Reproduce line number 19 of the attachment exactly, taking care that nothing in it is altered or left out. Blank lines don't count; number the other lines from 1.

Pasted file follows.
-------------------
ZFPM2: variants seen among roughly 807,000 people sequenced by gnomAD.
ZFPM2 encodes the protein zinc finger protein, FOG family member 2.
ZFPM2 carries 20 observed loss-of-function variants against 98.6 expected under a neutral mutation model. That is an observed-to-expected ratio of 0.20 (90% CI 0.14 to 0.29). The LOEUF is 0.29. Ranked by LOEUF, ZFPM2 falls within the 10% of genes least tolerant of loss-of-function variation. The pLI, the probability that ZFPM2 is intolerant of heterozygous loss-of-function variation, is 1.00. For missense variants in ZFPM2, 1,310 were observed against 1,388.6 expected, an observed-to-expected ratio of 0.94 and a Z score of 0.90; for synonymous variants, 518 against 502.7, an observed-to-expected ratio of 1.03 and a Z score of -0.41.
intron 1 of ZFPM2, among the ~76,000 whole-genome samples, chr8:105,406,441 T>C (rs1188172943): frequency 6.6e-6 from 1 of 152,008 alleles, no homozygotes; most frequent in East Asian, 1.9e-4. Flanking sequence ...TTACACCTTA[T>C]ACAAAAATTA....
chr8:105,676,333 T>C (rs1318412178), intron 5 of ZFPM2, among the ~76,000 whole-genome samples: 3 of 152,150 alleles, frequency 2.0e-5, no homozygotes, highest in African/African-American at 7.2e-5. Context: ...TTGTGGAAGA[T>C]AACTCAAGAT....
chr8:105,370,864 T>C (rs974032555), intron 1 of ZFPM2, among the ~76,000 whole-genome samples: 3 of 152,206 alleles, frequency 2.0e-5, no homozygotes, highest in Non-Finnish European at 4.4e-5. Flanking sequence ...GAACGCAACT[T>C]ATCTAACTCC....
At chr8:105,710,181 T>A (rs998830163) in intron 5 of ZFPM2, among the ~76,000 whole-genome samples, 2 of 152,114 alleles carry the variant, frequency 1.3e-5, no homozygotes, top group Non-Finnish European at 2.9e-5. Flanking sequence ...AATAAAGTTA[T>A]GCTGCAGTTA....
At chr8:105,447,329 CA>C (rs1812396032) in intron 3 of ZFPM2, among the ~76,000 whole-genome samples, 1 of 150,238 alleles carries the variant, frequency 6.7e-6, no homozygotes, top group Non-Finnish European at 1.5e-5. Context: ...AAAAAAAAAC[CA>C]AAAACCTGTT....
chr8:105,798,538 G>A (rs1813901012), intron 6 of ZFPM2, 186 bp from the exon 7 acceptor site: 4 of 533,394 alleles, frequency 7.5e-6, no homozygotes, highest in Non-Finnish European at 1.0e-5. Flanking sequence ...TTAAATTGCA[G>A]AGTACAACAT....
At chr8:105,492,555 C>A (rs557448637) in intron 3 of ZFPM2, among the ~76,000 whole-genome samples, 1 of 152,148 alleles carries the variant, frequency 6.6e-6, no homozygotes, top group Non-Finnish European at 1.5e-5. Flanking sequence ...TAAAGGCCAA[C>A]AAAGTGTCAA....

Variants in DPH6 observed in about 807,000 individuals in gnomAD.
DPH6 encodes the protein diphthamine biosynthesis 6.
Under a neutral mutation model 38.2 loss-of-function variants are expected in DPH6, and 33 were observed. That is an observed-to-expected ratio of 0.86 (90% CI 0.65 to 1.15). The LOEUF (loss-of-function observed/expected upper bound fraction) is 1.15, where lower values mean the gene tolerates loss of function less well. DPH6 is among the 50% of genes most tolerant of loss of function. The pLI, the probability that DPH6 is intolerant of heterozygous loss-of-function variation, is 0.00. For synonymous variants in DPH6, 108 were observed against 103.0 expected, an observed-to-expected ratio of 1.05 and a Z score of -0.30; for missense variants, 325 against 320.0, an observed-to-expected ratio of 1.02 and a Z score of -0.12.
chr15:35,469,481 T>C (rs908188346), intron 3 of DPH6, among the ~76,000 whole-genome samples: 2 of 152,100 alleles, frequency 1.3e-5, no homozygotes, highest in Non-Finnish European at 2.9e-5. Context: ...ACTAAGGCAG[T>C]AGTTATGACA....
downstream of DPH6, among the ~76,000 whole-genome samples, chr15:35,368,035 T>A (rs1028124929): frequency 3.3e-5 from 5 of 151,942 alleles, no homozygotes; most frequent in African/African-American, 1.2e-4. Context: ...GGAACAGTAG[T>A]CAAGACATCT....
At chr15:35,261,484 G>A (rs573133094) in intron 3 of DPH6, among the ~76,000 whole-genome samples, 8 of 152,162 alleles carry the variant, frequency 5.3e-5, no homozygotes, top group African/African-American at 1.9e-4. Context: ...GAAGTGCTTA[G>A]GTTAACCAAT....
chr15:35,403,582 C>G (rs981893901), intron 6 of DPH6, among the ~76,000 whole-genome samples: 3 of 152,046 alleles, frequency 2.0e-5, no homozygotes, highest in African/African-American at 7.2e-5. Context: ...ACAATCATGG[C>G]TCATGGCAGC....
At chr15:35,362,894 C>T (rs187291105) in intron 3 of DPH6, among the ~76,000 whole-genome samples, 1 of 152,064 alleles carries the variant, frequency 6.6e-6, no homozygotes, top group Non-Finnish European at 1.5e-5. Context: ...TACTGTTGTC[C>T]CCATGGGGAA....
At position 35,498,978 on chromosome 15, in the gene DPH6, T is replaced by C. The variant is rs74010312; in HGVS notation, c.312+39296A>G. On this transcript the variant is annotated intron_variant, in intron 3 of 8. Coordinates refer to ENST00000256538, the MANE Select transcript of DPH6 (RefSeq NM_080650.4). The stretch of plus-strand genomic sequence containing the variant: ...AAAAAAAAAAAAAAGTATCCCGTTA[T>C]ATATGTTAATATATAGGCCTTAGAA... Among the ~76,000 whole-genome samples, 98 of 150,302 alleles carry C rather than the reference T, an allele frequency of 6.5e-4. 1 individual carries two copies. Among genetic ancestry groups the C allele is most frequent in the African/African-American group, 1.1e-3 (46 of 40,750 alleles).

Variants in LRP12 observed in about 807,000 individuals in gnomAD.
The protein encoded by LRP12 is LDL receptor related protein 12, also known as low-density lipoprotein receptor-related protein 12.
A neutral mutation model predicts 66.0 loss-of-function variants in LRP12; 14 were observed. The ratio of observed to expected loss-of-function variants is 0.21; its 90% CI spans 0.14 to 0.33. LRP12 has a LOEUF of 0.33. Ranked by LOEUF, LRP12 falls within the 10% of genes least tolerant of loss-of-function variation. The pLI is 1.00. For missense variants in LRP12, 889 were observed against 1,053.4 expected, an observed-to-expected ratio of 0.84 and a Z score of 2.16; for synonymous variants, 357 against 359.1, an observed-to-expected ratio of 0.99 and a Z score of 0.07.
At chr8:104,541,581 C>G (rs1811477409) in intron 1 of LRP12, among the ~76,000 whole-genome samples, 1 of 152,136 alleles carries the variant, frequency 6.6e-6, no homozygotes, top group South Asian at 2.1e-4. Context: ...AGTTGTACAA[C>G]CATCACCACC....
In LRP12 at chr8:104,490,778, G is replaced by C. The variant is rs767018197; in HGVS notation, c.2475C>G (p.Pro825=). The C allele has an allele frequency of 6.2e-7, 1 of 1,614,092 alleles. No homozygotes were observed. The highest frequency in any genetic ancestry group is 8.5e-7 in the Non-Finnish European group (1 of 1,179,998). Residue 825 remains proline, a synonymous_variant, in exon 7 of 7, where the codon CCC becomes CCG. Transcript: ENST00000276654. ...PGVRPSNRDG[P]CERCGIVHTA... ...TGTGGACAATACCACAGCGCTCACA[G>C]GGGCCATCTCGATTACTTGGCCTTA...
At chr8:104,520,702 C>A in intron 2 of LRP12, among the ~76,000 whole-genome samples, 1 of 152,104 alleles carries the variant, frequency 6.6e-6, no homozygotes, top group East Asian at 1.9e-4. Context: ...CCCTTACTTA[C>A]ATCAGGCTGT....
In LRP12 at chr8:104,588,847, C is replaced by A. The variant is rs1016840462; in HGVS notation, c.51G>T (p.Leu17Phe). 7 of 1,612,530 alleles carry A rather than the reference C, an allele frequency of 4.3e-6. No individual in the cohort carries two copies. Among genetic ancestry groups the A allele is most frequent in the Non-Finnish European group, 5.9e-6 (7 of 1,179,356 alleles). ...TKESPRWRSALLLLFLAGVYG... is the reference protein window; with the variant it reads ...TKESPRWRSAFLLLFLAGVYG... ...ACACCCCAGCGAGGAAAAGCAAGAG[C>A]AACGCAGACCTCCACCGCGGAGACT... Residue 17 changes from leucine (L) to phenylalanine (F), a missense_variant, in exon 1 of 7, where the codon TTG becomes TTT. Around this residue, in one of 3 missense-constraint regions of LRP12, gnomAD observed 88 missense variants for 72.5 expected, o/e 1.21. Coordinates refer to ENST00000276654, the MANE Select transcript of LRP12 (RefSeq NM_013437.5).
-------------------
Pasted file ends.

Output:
At position 35,498,978 on chromosome 15, in the gene DPH6, T is replaced by C. The variant is rs74010312; in HGVS notation, c.312+39296A>G. On this transcript the variant is annotated intron_variant, in intron 3 of 8. Coordinates refer to ENST00000256538, the MANE Select transcript of DPH6 (RefSeq NM_080650.4). The stretch of plus-strand genomic sequence containing the variant: ...AAAAAAAAAAAAAAGTATCCCGTTA[T>C]ATATGTTAATATATAGGCCTTAGAA... Among the ~76,000 whole-genome samples, 98 of 150,302 alleles carry C rather than the reference T, an allele frequency of 6.5e-4. 1 individual carries two copies. Among genetic ancestry groups the C allele is most frequent in the African/African-American group, 1.1e-3 (46 of 40,750 alleles).